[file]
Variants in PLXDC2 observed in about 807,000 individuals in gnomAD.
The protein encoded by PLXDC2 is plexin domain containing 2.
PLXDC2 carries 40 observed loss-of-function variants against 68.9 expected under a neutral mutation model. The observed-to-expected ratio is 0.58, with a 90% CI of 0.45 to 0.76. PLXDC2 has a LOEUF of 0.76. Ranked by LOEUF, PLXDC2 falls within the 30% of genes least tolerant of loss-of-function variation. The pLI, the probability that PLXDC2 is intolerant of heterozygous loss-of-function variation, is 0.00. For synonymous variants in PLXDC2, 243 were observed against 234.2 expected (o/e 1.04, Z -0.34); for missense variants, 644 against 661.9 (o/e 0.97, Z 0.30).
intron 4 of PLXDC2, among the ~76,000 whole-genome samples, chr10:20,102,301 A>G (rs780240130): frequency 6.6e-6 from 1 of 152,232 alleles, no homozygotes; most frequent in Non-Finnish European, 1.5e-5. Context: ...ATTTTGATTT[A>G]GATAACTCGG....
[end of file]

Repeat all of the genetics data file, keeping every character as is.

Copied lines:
Variants in PLXDC2 observed in about 807,000 individuals in gnomAD.
The protein encoded by PLXDC2 is plexin domain containing 2.
PLXDC2 carries 40 observed loss-of-function variants against 68.9 expected under a neutral mutation model. The observed-to-expected ratio is 0.58, with a 90% CI of 0.45 to 0.76. PLXDC2 has a LOEUF of 0.76. Ranked by LOEUF, PLXDC2 falls within the 30% of genes least tolerant of loss-of-function variation. The pLI, the probability that PLXDC2 is intolerant of heterozygous loss-of-function variation, is 0.00. For synonymous variants in PLXDC2, 243 were observed against 234.2 expected (o/e 1.04, Z -0.34); for missense variants, 644 against 661.9 (o/e 0.97, Z 0.30).
intron 4 of PLXDC2, among the ~76,000 whole-genome samples, chr10:20,102,301 A>G (rs780240130): frequency 6.6e-6 from 1 of 152,232 alleles, no homozygotes; most frequent in Non-Finnish European, 1.5e-5. Context: ...ATTTTGATTT[A>G]GATAACTCGG....